Friday, August 22, 2014

Why Have These Things Happened?

Below is a brief but powerful excerpt from the late Aleksandr Solzhenitsyn's 1983 address upon his acceptance of  the Templeton Prize, which "honors a living person who has made an exceptional contribution to affirming life’s spiritual dimension, whether through insight, discovery, or practical works.” His prophetic warning of what happens to a nation that forgets God has also been borne out in America over the past thirty-one years.

"More than half a century ago, while I was still a child, I recall hearing a number of older people offer the following explanation for the great disasters that had befallen Russia: Men have forgotten God; that’s why all this has happened. Since then I have spent well-nigh fifty years working on the history of our Revolution; in the process I have read hundreds of books, collected hundreds of personal testimonies, and have already contributed eight volumes of my own toward the effort of clearing away the rubble left by that upheaval. But if I were asked today to formulate as concisely as possible the main cause of the ruinous Revolution that swallowed up some sixty million of our people, I could not put it more accurately than to repeat: Men have forgotten God; that’s why all this has happened. What is more, the events of the Russian Revolution can only be understood now, at the end of the century, against the background of what has since occurred in the rest of the world. What emerges here is a process of universal significance. And if I were called upon to identify briefly the principal trait of the entire twentieth century, here too, I would be unable to find anything more precise and pithy than to repeat once again: Men have forgotten God.”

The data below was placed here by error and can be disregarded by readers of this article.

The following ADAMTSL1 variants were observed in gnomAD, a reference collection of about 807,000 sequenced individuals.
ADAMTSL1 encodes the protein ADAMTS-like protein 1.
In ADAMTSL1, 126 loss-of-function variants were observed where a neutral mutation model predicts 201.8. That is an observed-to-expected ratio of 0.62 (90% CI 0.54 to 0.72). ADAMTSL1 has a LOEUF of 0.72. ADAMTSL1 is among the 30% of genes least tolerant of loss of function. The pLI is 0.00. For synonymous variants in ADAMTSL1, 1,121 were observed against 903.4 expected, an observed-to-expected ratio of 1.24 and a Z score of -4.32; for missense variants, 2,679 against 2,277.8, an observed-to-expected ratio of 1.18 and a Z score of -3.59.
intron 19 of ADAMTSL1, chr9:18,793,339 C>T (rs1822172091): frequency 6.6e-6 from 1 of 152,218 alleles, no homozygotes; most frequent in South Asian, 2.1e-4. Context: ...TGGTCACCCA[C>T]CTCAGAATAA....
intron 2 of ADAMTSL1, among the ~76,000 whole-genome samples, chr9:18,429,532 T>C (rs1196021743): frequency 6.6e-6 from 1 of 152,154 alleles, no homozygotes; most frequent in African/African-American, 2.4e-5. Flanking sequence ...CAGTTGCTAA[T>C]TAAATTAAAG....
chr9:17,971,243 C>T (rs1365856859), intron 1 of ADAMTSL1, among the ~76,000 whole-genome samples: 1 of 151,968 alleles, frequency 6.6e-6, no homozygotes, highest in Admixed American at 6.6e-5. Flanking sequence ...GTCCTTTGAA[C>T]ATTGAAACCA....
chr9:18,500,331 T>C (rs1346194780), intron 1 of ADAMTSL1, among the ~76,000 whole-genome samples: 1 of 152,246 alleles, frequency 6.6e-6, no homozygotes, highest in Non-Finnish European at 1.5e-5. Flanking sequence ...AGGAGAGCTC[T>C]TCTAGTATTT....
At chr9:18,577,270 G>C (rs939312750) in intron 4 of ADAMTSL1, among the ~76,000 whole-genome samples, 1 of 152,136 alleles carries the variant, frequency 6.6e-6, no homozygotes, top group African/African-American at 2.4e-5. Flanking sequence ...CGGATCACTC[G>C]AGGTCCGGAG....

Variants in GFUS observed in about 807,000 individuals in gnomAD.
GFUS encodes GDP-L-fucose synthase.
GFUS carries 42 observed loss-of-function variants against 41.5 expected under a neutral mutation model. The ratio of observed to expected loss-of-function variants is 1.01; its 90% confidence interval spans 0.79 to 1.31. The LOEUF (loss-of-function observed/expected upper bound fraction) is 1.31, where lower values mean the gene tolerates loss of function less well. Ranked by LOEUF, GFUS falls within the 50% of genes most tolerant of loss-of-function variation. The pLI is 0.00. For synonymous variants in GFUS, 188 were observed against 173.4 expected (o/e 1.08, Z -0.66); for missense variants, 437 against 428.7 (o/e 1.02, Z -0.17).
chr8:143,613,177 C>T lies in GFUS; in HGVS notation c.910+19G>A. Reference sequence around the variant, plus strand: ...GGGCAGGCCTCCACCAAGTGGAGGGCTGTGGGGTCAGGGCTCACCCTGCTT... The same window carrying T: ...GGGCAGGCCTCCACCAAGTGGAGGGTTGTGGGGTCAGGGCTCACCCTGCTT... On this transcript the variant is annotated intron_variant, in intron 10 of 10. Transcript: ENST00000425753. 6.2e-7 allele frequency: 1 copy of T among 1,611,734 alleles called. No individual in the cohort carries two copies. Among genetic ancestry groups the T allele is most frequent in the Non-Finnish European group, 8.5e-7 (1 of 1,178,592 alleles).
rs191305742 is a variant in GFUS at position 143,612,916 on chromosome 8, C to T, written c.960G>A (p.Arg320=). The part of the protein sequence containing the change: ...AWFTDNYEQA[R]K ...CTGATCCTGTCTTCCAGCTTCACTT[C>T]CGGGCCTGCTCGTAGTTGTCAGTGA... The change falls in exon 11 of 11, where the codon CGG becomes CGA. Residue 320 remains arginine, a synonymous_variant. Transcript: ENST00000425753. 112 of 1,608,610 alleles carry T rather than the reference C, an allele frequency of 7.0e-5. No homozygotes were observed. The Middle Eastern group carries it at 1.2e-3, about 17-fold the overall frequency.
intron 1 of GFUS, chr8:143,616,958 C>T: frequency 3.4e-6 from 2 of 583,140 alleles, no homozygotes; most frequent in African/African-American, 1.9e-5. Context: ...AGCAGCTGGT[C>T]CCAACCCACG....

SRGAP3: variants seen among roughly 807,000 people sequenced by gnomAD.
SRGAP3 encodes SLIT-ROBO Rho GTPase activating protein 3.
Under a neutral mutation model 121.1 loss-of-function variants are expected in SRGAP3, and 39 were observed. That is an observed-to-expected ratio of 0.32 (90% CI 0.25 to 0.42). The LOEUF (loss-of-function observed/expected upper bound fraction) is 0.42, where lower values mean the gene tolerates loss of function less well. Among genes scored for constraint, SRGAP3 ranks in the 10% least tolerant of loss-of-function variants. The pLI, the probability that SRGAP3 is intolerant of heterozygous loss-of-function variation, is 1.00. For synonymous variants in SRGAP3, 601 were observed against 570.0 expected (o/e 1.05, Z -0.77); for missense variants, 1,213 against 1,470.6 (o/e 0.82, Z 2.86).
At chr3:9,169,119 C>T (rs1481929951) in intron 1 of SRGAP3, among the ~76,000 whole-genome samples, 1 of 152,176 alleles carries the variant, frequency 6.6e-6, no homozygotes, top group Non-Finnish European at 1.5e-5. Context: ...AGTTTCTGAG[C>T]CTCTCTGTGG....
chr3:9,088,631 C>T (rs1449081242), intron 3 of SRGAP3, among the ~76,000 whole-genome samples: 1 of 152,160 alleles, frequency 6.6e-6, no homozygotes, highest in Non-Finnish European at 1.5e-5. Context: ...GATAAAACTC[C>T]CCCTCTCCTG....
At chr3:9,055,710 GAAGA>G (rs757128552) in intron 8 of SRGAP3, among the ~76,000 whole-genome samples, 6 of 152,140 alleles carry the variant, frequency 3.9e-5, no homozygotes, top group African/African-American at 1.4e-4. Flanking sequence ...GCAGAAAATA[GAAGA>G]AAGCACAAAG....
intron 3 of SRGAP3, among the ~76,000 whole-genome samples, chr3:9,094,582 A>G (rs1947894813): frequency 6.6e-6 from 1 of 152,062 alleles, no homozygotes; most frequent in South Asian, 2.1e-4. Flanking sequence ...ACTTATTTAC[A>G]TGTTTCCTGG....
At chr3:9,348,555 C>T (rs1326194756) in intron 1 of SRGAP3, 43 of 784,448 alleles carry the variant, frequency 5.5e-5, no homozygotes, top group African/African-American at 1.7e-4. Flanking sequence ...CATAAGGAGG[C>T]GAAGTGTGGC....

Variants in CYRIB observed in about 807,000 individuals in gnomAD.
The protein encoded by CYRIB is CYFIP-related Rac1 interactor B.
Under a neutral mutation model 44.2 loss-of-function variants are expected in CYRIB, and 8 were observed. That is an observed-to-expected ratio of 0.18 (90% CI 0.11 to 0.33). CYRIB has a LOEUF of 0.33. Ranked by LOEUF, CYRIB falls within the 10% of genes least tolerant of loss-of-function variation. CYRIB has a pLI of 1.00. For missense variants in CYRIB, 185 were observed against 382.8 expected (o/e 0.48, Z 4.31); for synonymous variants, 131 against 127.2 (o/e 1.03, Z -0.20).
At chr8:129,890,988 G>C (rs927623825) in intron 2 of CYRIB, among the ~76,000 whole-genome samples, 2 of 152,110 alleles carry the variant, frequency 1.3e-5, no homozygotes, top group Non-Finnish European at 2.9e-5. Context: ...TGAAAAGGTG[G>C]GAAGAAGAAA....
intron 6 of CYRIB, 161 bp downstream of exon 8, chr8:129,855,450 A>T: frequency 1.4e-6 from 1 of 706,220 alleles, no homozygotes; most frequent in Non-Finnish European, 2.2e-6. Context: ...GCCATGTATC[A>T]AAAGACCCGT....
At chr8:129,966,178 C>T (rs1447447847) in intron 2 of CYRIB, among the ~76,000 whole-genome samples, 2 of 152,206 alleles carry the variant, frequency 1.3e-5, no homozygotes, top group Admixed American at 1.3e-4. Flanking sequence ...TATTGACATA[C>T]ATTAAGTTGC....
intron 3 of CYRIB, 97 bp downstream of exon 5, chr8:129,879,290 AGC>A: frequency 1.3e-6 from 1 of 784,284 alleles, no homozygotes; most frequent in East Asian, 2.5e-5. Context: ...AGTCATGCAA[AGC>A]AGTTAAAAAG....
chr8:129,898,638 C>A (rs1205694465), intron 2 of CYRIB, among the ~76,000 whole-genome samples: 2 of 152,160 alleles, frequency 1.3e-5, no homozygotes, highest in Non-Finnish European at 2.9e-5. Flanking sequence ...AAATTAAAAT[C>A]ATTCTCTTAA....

Aleksandr Isayevich Solzhenitsyn, (December 11, 1918 – August 3, 2008) was an eminent Russian novelist, historian, and tireless critic of Communist totalitarianism. He helped to raise global awareness of the gulag and the Soviet Union's forced labor camp system. He wrote many books most notably "The Gulag Archipelago" and "One Day in the Life of Ivan Denisovich, two of his best-known works. For the ethical force with which he has pursued the indispensable traditions of Russian literature", Solzhenitsyn was awarded the Nobel Prize in Literature in 1970.

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